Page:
The best way to make a lasting impact and not overwhelm your visitors with information is to feature one program, initiative, or student story that is particularly successful and inspiring. Your attendees are most likely to remember one student, teacher, or exercise, so don’t go overboard with showing off impressive facilities, every advanced class setting, or multiple programs that do different things. Tell a story.

    Your story will be even better if the selected pilot program, initiative, or course offering can be backed by strong statistics and outcomes showing how students have benefitted from it.

    Here are other strategic planning considerations:

    • Do you partner with outside entities (i.e. state agencies, non-profits, local businesses, universities, etc.) to provide a unique and effective program?
    • Which attendees could help you accomplish your purpose/goals? Think legislators, legislative staff, community leaders, business officials, parent influencers, etc.
    • Consider planning around frequency of tours, invitees, blending groups and specialized groups.

    Event Prep

    The event itself will require special planning, sometimes at both the campus and district levels. Seek out support and communicate with all parties involved so the theme and desired outcomes of the event are mutually valued and consistent.

    • Work with Central Office on planning and invitees; contact Governmental Relations office for larger districts.
    • Reach out to Raise Your Hand Texas regional directors and Austin staff for additional support if needed.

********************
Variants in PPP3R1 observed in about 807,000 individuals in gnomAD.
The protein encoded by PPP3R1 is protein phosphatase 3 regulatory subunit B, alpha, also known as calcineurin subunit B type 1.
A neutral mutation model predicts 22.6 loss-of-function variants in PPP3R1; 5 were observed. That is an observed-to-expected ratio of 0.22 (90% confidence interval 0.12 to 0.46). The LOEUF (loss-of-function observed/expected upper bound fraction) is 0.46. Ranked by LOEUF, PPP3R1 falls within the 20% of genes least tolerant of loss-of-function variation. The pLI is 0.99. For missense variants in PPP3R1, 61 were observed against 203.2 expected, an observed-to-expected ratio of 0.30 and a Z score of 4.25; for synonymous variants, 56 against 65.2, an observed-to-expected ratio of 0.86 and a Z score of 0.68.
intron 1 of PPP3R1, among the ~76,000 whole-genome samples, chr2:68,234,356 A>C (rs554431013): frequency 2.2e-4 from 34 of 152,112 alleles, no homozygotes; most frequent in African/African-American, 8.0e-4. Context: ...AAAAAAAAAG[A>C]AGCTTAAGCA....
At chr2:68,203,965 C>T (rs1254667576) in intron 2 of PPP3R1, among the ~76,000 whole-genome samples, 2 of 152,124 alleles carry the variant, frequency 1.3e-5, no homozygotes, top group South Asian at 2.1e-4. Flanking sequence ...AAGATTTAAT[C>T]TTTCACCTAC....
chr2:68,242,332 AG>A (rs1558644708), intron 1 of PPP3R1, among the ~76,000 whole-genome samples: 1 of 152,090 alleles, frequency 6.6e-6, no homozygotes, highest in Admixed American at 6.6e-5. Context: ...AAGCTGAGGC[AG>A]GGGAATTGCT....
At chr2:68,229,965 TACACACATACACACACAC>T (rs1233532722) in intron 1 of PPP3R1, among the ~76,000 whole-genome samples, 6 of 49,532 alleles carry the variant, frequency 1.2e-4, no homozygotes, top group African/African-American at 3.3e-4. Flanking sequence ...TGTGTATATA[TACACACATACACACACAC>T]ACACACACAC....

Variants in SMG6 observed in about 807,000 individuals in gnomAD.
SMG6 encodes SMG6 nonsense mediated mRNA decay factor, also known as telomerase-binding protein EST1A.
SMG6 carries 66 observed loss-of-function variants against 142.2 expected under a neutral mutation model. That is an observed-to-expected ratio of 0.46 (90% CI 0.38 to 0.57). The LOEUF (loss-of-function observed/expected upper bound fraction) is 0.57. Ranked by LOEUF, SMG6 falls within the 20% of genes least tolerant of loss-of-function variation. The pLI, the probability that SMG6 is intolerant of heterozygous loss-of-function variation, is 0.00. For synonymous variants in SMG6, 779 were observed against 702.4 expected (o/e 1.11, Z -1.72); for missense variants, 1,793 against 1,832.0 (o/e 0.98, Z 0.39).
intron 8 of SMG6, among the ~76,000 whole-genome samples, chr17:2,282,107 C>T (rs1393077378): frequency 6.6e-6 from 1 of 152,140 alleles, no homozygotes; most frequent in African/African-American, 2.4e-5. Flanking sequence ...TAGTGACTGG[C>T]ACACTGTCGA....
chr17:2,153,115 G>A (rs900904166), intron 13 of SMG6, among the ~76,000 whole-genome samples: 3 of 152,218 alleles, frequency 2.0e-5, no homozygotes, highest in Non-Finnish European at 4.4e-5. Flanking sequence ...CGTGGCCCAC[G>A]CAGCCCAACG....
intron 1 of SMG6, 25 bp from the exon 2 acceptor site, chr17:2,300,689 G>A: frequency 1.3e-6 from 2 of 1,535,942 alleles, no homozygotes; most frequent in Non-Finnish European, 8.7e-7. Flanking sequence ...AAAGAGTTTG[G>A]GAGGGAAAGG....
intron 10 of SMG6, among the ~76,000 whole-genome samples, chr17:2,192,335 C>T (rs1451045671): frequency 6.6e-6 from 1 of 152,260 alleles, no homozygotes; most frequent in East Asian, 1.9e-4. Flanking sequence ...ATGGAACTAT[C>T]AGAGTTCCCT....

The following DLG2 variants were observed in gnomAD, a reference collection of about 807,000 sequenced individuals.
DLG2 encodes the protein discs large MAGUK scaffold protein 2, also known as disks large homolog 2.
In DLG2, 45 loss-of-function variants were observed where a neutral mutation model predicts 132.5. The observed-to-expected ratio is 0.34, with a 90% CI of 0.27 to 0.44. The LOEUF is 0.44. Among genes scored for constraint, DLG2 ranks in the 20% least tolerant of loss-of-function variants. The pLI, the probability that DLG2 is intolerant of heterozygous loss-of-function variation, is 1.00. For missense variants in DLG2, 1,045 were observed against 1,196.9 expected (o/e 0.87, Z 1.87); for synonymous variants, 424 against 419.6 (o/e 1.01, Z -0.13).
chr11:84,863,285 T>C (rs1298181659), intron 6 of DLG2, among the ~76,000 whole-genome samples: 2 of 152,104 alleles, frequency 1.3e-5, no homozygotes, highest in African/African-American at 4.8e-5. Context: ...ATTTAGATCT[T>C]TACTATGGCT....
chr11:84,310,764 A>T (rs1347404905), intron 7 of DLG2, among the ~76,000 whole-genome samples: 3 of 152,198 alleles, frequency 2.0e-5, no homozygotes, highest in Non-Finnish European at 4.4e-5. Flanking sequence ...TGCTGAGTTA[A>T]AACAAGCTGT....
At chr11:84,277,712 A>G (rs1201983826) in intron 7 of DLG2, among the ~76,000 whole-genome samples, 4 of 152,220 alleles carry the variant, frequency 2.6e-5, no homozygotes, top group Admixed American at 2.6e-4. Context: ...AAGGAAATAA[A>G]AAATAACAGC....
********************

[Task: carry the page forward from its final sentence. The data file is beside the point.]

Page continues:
• Send out agenda prior to event; include links or PDFs of pre-reading.
    • Work with teachers to coordinate classroom visit(s) in an effort to accomplish goals and stay consistent with outreach message/program theme.

    Game Day & Beyond

    Make the event as organized and focused as possible, so attendees will recognize:

    1. You’re prepared
    2. You value their time
    3. If everything you do is as effective as this visit, this school is in good hands

    Guidelines for what to consider during and after the event:

    • Formally introduce any elected officials or staff. Allow other participants to introduce themselves.
    • Weave in community support to show the collaborative effort.
    • Share general demographics of the campus and data about effectiveness of program/initiative, including test scores.
    • If applicable, mention relation to public school choice, waiting lists, community demand, etc.
    • Be prepared to answer the question, “What can I/we do to support this campus/program?”
    • Take photos of guests and ask permission to share on social media.
    • Alert Raise Your Hand Texas of visits so we may share also!
    • Follow-up after event to provide electronic copies of any handouts and offer to serve as future contact.


    Have you hosted a successful campus visit for legislators and/or key community influencers? Tell us about it both the positive highlights and lessons learned so other leaders may benefit from your experience.

    P.S. If you liked this story, you might enjoy our Raise Your Hand newsletter. Receive stories, news, and ways to help, right in your inbox.  Sign up here.